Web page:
But if anything about Their Finest really works for me, it’s the message that, no matter what happens to you, the outside world around you, or anybody, anywhere else in the world, the movies will always be there for you. Sure, it’s a sentiment that’s not as relevant as it may have been in the early-1940’s, when practically everyone and their grandmother needed a little cheering up, but it’s still the same kind of sentiment that resonates for any film-lover. Movies have always been made, and will always continue to be made, to take people away from their real lives, and place them somewhere lovely and magical, and provide the perfect distraction. Sure, there are movies that are made not to do such a thing (aka, documentaries), but the ones that really take you out of the real world and give you hope and ambition, well, then those are the ones that deserve to be seen, no matter what’s going on around you.

It’s what movies were put on this Earth to do in the first place and it’s why they will always hold a special place in each and every living person’s life.

Consensus: Sweet, endearing and ridiculously nostalgic, Their Finest wears its heart and humor on its sleeve, with even better performances to show for it.

8.5 / 10

Making movies have never been so, ehrm, British.

Photos Courtesy of: Indiewire

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Miss Sloane (2016)

Sometimes, you’ve just got to stick it to ’em.

Elizabeth Sloane (Jessica Chastain) is one of the more infamous and controversial lobbyists working Washington. That has less to do with the fact that she actually gets her bills passed, as much as it has to do with her brash, cocky and sometimes incredibly arrogant attitude that rubs a lot of people the wrong way. When the company she’s working for decides that they want to get a gun-bill passed, Elizabeth’s good intentions kick in and it makes her realize that she doesn’t like the bill and wants her own gun-reform bill to pass instead. So, what does Elizabeth Sloane do? Well, she joins up with a rival company, gathers up her team of new and old coworkers, and sets out to take down the new bill, garnering as many votes for her own gun-reform bill that can. However, when you’re going up against so many big dogs on the hill, there comes a point where you may have to put up, or shut up – something that Elizabeth doesn’t want to do, and it may as well cost her, not just her career, but even her life.

Miss Sloane sounds so incredibly boring and lame. It’s as if all the grand-parents got together in a room, decided that they needed a movie that only they cared about, gathered together a huge crowd of talented people to work in it, and yeah, just watch the movie for themselves. But Miss Sloane, if anything, is not at all like that; the best way I can describe it is as being a cross between David Mamet, Aaron Sorkin, and Alan J. Pakula.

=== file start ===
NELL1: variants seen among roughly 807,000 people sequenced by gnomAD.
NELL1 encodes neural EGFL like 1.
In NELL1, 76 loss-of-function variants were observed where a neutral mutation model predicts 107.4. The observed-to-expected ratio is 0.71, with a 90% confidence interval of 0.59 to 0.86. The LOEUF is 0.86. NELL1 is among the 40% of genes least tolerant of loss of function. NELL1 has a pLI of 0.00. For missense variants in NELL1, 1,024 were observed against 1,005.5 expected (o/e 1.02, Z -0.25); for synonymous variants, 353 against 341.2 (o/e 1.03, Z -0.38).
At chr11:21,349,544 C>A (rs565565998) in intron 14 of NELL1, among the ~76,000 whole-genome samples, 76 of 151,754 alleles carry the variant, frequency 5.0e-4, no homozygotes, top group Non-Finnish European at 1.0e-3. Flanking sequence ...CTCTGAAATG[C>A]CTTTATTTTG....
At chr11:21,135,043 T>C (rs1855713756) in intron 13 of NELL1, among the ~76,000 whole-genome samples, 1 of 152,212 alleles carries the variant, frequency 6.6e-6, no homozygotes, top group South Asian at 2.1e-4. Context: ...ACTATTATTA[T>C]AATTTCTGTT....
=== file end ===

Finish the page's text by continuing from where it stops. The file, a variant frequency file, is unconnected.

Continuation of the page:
"I'm not terrible. Okay, maybe a little bit."

“I’m not terrible. Okay, maybe a little bit.”

Intrigued yet?

Well, if not, that’s okay. Miss Sloane, on-paper, doesn’t seem like the kind of movie that would actually work or better yet, be entertaining in the slightest bit, but for some reason, director John Madden and first-time writer Jonathan Perera, come together so perfectly, matching their styles, needs and wants like a couple who’s been together for five decades, that it hardly ever bored me. It’s snappy, quick, jumpy, sometimes random, a little crazy, surprisingly very funny, and yeah, when they decide to slow things down every once and awhile, actually kind of heartfelt. Actually, not really, but that’s kind of what works.

See, Miss Sloane takes place in this all-too-real world where politics is a dirty and unforgiving game, where rich, powerful and corrupt people will continue to always crack down and ruin the much poorer and less-connected civilians who are, honestly, just trying to make the world a better place. It’s the typical worldview we see painted so very much, but it still works because, well, that’s exactly what happens in the sick, cruel and usually evil world of politics.

Because it paints this portrait so vividly, Miss Sloane never for once feels like it’s taking any cheap shots; it’s easy to get wrapped-up in this world of fast money, fast people, and fast crime, and almost forget that, oh yeah, this movie’s actually about getting a bill passed. Madden, as a director, has shown that he usually loves to take his movies as slow and as melodically as possible, actually keeps up the pace here, which as a result, helps ensure that no matter how many times it gets off-course, Perera’s score stays crackling and fun.

Most of that, of course, has to do with the fact that from the very beginning, the movie makes it awfully clear that, yes, these are smart people, doing smart things, in smart jobs, so why shouldn’t they sound smart?

It’s actually a lot of what follows Sorkin in his career and works so damn well for him, which is why I’ve been getting a little shocked by all of the criticism towards this movie. Most of the complaints seem to come from the fact that no real characters have any actual development to them, whereas the plot does, and it’s a pretty lame one at that. For one, it’s a two-hour long movie that, quite frankly, moved by so quick that I hardly noticed and/or cared about the lack of character-development and as for the other, well, yeah, the plot can be pretty lame.